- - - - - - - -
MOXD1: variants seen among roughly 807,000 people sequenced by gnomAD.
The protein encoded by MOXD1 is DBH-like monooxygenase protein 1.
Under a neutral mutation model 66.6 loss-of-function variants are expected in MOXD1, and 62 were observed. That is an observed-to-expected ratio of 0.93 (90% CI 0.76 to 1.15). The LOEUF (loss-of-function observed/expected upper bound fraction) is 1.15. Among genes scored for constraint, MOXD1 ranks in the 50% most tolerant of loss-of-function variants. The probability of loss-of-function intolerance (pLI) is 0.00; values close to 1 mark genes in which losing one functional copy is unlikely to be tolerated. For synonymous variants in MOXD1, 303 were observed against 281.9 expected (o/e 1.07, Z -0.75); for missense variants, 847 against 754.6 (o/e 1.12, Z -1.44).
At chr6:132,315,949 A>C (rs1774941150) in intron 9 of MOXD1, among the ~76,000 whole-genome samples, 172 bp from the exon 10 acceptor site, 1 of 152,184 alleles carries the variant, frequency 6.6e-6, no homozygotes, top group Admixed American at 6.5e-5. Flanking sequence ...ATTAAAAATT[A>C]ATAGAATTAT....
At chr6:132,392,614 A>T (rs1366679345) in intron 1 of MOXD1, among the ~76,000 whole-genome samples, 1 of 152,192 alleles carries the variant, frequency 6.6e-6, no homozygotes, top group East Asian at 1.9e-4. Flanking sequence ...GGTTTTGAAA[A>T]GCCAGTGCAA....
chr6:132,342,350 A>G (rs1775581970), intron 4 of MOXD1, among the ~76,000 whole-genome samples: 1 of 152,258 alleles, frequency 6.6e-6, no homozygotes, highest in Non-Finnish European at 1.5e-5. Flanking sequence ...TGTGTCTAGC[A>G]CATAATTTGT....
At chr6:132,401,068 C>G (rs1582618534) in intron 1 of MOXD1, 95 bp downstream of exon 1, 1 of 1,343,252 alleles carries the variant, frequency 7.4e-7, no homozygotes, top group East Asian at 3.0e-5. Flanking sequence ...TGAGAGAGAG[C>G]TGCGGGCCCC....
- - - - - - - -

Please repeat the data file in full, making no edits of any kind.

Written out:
MOXD1: variants seen among roughly 807,000 people sequenced by gnomAD.
The protein encoded by MOXD1 is DBH-like monooxygenase protein 1.
Under a neutral mutation model 66.6 loss-of-function variants are expected in MOXD1, and 62 were observed. That is an observed-to-expected ratio of 0.93 (90% CI 0.76 to 1.15). The LOEUF (loss-of-function observed/expected upper bound fraction) is 1.15. Among genes scored for constraint, MOXD1 ranks in the 50% most tolerant of loss-of-function variants. The probability of loss-of-function intolerance (pLI) is 0.00; values close to 1 mark genes in which losing one functional copy is unlikely to be tolerated. For synonymous variants in MOXD1, 303 were observed against 281.9 expected (o/e 1.07, Z -0.75); for missense variants, 847 against 754.6 (o/e 1.12, Z -1.44).
At chr6:132,315,949 A>C (rs1774941150) in intron 9 of MOXD1, among the ~76,000 whole-genome samples, 172 bp from the exon 10 acceptor site, 1 of 152,184 alleles carries the variant, frequency 6.6e-6, no homozygotes, top group Admixed American at 6.5e-5. Flanking sequence ...ATTAAAAATT[A>C]ATAGAATTAT....
At chr6:132,392,614 A>T (rs1366679345) in intron 1 of MOXD1, among the ~76,000 whole-genome samples, 1 of 152,192 alleles carries the variant, frequency 6.6e-6, no homozygotes, top group East Asian at 1.9e-4. Flanking sequence ...GGTTTTGAAA[A>T]GCCAGTGCAA....
chr6:132,342,350 A>G (rs1775581970), intron 4 of MOXD1, among the ~76,000 whole-genome samples: 1 of 152,258 alleles, frequency 6.6e-6, no homozygotes, highest in Non-Finnish European at 1.5e-5. Flanking sequence ...TGTGTCTAGC[A>G]CATAATTTGT....
At chr6:132,401,068 C>G (rs1582618534) in intron 1 of MOXD1, 95 bp downstream of exon 1, 1 of 1,343,252 alleles carries the variant, frequency 7.4e-7, no homozygotes, top group East Asian at 3.0e-5. Flanking sequence ...TGAGAGAGAG[C>G]TGCGGGCCCC....